Amazon’s Drop In basically turns Apple FaceTime bug into a feature [Opinion]

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facebook eavesdropping microphone
Smart speakers are microphones that other people can listen to.
Photo: Charlie Sorrel/Cult of Mac

You know the Apple FaceTime bug that everyone’s going crazy about? It’s a huge screwup, for sure, but at least we know it’s just a bug. Being able to call someone and eavesdrop on their conversations without them knowing is clearly a privacy nightmare, which is why Apple disabled Group FaceTime until it can issue a proper fix.

Amazon, on the other hand, offers silent eavesdropping as a feature for its Echo speakers. It’s called Drop In, and if you’ve enabled it, you should probably turn it off.

EavesDrop In

The Amazon Echo Drop In lets you eavesdrop on friends and family.
The Echo’s Drop In feature lets you eavesdrop on friends and family.
Photo: Amazon

Update 02/04/19 an earlier version of this post said that the Echo doesn’t sound an audio alert when Drop In is activated. That has been corrected.

Here’s Digital Trends’ Brie Barbee describing Drop In last year:

Drop In … allows users to drop in on their friends’ and family members’ Echo devices unexpectedly. This feature is different from your standard voice call because it allows you to connect to a device automatically, assuming you have access and the person on the other end hasn’t muted the feature.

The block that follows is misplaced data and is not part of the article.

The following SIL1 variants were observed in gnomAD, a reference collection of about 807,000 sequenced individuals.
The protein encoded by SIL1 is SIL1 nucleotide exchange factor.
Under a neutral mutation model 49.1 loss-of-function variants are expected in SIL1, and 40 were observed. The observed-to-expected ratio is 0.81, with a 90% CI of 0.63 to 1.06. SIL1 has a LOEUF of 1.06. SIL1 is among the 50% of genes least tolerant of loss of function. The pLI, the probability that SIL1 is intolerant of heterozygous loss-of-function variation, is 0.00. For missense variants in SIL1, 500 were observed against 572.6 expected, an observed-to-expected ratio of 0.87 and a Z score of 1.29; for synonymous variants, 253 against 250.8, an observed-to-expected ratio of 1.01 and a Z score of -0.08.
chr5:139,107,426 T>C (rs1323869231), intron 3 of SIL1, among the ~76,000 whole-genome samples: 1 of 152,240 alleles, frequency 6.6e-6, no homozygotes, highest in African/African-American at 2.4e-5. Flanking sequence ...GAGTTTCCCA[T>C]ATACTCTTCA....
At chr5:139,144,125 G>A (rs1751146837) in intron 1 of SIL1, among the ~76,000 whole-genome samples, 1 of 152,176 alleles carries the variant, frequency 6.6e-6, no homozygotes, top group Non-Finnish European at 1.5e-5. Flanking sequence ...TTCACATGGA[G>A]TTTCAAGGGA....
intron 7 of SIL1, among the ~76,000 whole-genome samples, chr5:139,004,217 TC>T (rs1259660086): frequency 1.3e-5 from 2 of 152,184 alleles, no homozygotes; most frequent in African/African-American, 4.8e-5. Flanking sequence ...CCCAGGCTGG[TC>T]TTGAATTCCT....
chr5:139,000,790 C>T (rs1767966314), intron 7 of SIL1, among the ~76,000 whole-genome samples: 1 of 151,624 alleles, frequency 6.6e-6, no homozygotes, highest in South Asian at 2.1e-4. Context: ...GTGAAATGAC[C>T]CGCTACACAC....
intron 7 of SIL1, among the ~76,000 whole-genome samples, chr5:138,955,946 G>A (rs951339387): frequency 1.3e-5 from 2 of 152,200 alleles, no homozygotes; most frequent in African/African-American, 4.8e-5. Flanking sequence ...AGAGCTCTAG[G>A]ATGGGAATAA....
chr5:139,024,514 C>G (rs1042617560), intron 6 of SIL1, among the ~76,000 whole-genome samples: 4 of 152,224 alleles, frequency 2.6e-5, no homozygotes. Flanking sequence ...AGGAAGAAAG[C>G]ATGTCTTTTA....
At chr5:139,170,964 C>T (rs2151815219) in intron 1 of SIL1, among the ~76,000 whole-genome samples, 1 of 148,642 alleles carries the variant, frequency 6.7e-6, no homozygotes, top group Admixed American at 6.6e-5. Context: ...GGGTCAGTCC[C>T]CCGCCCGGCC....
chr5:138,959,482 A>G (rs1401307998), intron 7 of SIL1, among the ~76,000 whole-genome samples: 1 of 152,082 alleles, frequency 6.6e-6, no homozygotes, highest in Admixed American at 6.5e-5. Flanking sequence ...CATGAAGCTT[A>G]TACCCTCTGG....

You must enable the feature for it to work, so this won’t let you “eavesdrop in” on any arbitrary Echo. But once it’s set, you can Drop In on any enabled Echo without warning. At least the FaceTime bug causes the target iPhone or iPad to ring first. Drop In just turns a light on your Echo green, and beeps to alert you that you’re being listened to, offering no audio alert that you’re being listened to. Oh, and Drop In also activates the video camera on the target device, if it has one.

Apple puts privacy first

Can you imagine the fuss if Apple added something like Drop In to iCloud? Apart from Apple being a lawsuit magnet for every scumbag lawyer in the United States, there’s a difference in expectation.

Apple is certainly happy to push its role as the protector of our privacy, but we have also come to trust the company with our privacy.

Whereas if Amazon, Facebook, Samsung or almost anyone else comes up with something like Drop In, or sells a spy camera for your home, or uses its televisions to record your conversations, we’re not even surprised anymore.

The fact that we get so angry when Apple screws up like this illustrates clearly that we expect better of Cupertino.